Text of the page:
Severe drought and/or heat stress can interfere with the timing of pollen availability and silk emergence. In addition, hot weather can desiccate exposed silks so they cannot receive pollen grains.
Typically, growers would like to determine the success of corn pollination. Once ovules are fertilized, the silks will detach from the immature kernel. This provides a way to determine which kernels are fertilized and those that are not. Silks will continue to elongate and will remain attached even if never fertilized.
The ear shake method is a technique which can be used to check pollination. Take a sharp knife and make a lengthwise cut from the base of the ear shoot to the tip. The knife should penetrate through the husk leaves into the cob. Slowly unwrap the husk leaves so you do not rip any of the silks from the ovules. Then gently shake the ear. Silks of fertilized ovules will drop away and silks from unfertilized ovules will remain attached.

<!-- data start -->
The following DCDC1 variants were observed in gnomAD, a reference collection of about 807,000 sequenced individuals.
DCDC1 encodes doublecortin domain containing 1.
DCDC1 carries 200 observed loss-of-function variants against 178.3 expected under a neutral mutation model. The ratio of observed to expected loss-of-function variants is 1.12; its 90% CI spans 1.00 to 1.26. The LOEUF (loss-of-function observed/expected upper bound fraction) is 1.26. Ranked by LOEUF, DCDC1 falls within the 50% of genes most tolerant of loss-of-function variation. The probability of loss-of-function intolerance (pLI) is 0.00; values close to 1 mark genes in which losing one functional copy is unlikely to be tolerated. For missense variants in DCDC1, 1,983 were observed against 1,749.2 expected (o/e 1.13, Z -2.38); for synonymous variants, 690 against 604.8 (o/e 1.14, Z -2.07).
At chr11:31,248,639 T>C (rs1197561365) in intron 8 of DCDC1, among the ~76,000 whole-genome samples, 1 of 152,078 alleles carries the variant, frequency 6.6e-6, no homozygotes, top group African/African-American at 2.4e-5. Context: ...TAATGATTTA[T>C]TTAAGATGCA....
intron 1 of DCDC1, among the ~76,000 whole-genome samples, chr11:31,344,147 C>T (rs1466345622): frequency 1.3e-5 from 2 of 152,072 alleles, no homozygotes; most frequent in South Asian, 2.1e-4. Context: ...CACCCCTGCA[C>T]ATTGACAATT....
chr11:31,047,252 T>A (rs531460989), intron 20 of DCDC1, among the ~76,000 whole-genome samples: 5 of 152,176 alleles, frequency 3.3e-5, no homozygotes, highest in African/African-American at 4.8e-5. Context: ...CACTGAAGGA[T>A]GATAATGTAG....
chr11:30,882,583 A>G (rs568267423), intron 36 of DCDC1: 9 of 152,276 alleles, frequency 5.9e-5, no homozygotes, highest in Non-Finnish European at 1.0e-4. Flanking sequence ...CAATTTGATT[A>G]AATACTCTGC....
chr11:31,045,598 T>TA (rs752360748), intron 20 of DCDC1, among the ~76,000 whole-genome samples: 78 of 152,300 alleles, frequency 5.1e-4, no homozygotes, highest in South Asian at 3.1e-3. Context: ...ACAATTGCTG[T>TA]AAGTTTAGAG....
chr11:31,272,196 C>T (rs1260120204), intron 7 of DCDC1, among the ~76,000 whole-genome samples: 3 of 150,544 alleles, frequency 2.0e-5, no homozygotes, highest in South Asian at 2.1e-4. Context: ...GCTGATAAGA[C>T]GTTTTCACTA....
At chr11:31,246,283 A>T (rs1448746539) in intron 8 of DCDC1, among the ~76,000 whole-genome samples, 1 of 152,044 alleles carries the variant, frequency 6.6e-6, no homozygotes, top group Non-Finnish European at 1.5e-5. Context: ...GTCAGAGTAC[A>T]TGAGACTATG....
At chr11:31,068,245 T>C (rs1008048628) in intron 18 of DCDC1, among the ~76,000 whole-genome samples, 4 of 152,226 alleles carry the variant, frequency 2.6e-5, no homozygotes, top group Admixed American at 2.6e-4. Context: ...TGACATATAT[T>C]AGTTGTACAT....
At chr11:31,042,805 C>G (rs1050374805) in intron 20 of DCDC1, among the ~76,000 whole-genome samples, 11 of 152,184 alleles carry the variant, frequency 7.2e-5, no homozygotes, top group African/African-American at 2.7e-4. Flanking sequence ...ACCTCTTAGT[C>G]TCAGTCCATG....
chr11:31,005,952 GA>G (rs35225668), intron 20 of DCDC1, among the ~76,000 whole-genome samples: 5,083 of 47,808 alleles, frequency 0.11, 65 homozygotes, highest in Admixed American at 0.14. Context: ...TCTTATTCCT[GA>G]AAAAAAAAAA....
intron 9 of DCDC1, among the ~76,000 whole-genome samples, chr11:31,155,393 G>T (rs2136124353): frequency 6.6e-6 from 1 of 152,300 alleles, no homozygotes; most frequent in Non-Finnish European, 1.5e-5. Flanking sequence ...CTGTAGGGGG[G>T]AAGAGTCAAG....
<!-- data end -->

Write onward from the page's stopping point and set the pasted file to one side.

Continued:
Pollination can be determined by the percentage of silks that fall away from the cob. Be sure to sample ears at random to determine progress. The dry weather has caused different pollination timings within fields. Be sure to check carefully.
For more information, contact Wayne Flanary, Regional Agronomist, University of Missouri Extension at 660-446-3714.